Passengers prepare to disembark from a kulula plane at Cape Town International Airport. File Picture: SUNDAY TIMES
Passengers prepare to disembark from a kulula plane at Cape Town International Airport. File Picture: SUNDAY TIMES

Comair, the JSE-listed airline operator, has suspended flights to a number of Southern African countries due to travel restrictions forced on it by the coronavirus outbreak.

The operator of low-cost carrier said on Thursday the decision followed President Cyril Ramaphosa’s announcement of drastic measures to curb the spread of coronavirus and the subsequent promulgation of travel restrictions in SA and other governments in Southern Africa.

The suspension of the flights is the latest setback for the company which has taken a blow from SAA’s financial woes. The state-owned airline, in business rescue, owes Comair R790m as part of a settlement agreement regarding SAA’s alleged anticompetitive conduct.

The company has also suffered financial losses as a result of the grounding of Boeing 737 MAX 8s. In 2014 Comair became the first African airline operator to order eight Boeing MAX 8s for R9bn as part of a fleet renewal and expansion strategy. It took delivery of the first 737 MAX 8 aircraft in February 2019 and it has since been grounded because of safety concerns.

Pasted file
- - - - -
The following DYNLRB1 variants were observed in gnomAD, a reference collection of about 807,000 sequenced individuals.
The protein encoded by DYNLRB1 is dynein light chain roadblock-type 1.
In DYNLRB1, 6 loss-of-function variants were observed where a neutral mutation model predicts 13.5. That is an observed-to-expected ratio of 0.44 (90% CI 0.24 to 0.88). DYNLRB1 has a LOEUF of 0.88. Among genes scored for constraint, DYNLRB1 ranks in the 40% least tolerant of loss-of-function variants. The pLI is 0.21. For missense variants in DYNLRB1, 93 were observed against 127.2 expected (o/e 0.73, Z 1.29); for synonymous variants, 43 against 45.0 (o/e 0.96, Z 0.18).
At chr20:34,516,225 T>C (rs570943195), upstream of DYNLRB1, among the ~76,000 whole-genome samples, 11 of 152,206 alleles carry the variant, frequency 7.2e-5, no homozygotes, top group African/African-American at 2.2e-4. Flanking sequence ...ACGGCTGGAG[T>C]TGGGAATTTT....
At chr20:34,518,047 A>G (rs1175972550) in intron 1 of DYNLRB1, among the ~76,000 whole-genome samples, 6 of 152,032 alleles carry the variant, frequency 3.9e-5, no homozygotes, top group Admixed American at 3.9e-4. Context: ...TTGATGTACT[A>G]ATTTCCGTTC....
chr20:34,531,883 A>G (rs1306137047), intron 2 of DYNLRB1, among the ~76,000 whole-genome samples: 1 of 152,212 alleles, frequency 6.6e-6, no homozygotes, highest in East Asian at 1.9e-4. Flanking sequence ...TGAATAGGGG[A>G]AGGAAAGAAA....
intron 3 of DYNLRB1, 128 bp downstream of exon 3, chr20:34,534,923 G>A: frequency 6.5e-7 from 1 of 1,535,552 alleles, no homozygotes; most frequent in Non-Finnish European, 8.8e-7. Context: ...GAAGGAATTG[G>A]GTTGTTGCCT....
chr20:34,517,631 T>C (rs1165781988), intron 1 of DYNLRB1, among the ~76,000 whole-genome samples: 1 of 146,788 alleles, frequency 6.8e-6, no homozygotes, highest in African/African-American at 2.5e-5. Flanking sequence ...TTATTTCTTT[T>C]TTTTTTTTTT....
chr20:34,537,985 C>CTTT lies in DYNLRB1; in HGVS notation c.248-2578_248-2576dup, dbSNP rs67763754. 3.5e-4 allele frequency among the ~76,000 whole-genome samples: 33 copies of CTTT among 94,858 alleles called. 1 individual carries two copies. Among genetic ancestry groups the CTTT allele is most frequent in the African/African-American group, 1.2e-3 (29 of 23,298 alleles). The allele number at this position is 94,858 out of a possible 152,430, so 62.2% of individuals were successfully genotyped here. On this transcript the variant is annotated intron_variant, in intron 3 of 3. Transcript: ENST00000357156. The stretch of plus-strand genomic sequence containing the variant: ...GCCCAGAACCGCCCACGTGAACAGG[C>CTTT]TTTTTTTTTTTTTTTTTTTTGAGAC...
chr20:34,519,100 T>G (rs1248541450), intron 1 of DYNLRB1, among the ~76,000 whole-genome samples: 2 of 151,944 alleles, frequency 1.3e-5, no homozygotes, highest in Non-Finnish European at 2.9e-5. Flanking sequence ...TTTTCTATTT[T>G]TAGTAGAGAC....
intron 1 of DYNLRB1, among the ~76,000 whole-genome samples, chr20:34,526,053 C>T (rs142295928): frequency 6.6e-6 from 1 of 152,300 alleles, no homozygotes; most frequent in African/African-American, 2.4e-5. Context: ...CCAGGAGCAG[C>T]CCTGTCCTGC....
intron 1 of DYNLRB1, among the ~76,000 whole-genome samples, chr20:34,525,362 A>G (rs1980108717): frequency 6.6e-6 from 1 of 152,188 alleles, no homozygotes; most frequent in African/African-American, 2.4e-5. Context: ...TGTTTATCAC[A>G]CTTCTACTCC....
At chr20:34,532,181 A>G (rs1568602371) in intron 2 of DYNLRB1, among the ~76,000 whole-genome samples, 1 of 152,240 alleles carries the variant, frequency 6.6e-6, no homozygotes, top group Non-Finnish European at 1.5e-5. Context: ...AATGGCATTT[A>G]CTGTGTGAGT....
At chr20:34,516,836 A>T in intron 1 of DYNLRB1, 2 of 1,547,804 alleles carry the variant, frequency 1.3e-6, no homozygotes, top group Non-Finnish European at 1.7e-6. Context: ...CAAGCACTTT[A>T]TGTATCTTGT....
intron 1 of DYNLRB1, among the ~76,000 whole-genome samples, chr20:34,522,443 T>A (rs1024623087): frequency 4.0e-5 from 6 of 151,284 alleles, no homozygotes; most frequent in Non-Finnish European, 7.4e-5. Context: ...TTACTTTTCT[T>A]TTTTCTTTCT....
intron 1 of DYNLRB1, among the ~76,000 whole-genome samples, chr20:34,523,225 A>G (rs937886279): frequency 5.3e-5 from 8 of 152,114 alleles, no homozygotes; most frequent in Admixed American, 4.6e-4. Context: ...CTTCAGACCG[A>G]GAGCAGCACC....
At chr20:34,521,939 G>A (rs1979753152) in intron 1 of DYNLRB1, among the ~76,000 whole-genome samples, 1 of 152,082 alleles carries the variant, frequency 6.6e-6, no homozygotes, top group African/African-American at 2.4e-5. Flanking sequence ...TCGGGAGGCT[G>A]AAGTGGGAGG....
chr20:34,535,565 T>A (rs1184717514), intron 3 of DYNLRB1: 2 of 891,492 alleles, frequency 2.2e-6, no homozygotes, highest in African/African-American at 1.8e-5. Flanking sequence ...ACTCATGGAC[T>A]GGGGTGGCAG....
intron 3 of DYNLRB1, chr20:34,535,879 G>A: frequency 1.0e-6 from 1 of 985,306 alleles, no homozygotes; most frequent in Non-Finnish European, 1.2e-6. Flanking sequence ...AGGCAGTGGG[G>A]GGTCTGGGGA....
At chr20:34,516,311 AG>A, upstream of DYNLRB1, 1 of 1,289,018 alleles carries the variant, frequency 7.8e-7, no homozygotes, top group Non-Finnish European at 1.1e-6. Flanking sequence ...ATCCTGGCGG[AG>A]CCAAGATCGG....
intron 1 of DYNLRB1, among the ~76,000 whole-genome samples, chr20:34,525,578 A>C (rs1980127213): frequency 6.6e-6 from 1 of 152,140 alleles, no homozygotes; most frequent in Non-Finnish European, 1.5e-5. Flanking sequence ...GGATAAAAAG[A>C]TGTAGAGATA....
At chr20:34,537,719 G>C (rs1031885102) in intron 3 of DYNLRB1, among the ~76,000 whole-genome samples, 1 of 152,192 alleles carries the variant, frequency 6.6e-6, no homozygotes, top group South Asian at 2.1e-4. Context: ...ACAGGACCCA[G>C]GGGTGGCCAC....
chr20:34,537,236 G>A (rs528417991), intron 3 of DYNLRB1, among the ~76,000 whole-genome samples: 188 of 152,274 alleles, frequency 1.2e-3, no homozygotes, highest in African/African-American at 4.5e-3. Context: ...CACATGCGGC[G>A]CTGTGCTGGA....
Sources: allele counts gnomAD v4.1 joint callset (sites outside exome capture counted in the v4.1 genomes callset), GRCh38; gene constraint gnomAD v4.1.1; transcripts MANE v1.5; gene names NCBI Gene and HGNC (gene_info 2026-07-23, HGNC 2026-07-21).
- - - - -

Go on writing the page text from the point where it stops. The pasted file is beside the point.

The company, which has a licence to fly the British Airways brand in SA, said flights to destinations such as Windhoek (Namibia), Livingstone (Zambia), Harare (Zimbabwe), Victoria Falls (Zimbabwe) and Mauritius would be put on hold as the countries are taking drastic steps to curb the spread of coronavirus.

This comes after competitor SAA also scaled down capacity in response to the low demand for air travel.

“The effects of the outbreak of the coronavirus have led to travel disruptions and restrictions across the world, leading to the grounding of aircraft, releasing employees, and cancelling flights for many airlines. SAA is not immune to these realities,” the national airline said on Wednesday.

The airline said after a review of its flight schedule, it had decided to operate flights “under circumstances where its load factors and other business considerations weigh in favour of scheduling flights”.

SAA chief commercial officer Philip Saunders said despite the decline in demand, the airline was reviewing its schedule “to match capacity with demand to the extent possible. Where feasible, we will consider options that include cancelling and merging flights”.

Between March 17 and 31, SAA has cancelled a total of 162 flights, 38 of which are international flights and 124 are to destinations in the rest of Africa.

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